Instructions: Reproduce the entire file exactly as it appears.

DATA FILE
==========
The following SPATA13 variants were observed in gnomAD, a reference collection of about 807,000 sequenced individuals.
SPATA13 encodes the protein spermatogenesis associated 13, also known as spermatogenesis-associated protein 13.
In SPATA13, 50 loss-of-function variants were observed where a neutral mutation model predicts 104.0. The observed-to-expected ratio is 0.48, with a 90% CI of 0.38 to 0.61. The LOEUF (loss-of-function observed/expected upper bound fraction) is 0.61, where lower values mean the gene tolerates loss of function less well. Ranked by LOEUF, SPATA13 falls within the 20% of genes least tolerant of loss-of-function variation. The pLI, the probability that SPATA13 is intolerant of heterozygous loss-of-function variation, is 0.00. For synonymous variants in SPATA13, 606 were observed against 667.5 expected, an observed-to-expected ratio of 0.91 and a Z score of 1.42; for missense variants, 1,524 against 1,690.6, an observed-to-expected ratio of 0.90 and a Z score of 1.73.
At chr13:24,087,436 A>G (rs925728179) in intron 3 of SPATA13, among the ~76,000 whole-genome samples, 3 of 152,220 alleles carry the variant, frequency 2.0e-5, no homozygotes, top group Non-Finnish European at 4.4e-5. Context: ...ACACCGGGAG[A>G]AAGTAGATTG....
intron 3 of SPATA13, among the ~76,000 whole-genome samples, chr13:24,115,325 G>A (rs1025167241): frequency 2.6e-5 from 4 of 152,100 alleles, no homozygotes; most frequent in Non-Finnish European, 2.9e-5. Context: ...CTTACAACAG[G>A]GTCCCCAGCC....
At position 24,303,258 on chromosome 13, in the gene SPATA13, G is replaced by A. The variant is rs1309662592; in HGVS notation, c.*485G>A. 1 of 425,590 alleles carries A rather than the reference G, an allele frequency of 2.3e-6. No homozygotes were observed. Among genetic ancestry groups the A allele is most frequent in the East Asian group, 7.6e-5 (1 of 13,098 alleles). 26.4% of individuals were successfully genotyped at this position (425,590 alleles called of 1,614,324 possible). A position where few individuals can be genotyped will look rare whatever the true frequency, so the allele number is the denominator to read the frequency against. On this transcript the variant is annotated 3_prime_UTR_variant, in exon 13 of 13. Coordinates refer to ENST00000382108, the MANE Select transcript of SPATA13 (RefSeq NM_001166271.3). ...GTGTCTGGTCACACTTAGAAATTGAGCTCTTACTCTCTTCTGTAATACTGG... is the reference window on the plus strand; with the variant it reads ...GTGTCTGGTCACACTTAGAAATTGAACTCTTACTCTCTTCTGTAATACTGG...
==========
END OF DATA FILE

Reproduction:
The following SPATA13 variants were observed in gnomAD, a reference collection of about 807,000 sequenced individuals.
SPATA13 encodes the protein spermatogenesis associated 13, also known as spermatogenesis-associated protein 13.
In SPATA13, 50 loss-of-function variants were observed where a neutral mutation model predicts 104.0. The observed-to-expected ratio is 0.48, with a 90% CI of 0.38 to 0.61. The LOEUF (loss-of-function observed/expected upper bound fraction) is 0.61, where lower values mean the gene tolerates loss of function less well. Ranked by LOEUF, SPATA13 falls within the 20% of genes least tolerant of loss-of-function variation. The pLI, the probability that SPATA13 is intolerant of heterozygous loss-of-function variation, is 0.00. For synonymous variants in SPATA13, 606 were observed against 667.5 expected, an observed-to-expected ratio of 0.91 and a Z score of 1.42; for missense variants, 1,524 against 1,690.6, an observed-to-expected ratio of 0.90 and a Z score of 1.73.
At chr13:24,087,436 A>G (rs925728179) in intron 3 of SPATA13, among the ~76,000 whole-genome samples, 3 of 152,220 alleles carry the variant, frequency 2.0e-5, no homozygotes, top group Non-Finnish European at 4.4e-5. Context: ...ACACCGGGAG[A>G]AAGTAGATTG....
intron 3 of SPATA13, among the ~76,000 whole-genome samples, chr13:24,115,325 G>A (rs1025167241): frequency 2.6e-5 from 4 of 152,100 alleles, no homozygotes; most frequent in Non-Finnish European, 2.9e-5. Context: ...CTTACAACAG[G>A]GTCCCCAGCC....
At position 24,303,258 on chromosome 13, in the gene SPATA13, G is replaced by A. The variant is rs1309662592; in HGVS notation, c.*485G>A. 1 of 425,590 alleles carries A rather than the reference G, an allele frequency of 2.3e-6. No homozygotes were observed. Among genetic ancestry groups the A allele is most frequent in the East Asian group, 7.6e-5 (1 of 13,098 alleles). 26.4% of individuals were successfully genotyped at this position (425,590 alleles called of 1,614,324 possible). A position where few individuals can be genotyped will look rare whatever the true frequency, so the allele number is the denominator to read the frequency against. On this transcript the variant is annotated 3_prime_UTR_variant, in exon 13 of 13. Coordinates refer to ENST00000382108, the MANE Select transcript of SPATA13 (RefSeq NM_001166271.3). ...GTGTCTGGTCACACTTAGAAATTGAGCTCTTACTCTCTTCTGTAATACTGG... is the reference window on the plus strand; with the variant it reads ...GTGTCTGGTCACACTTAGAAATTGAACTCTTACTCTCTTCTGTAATACTGG...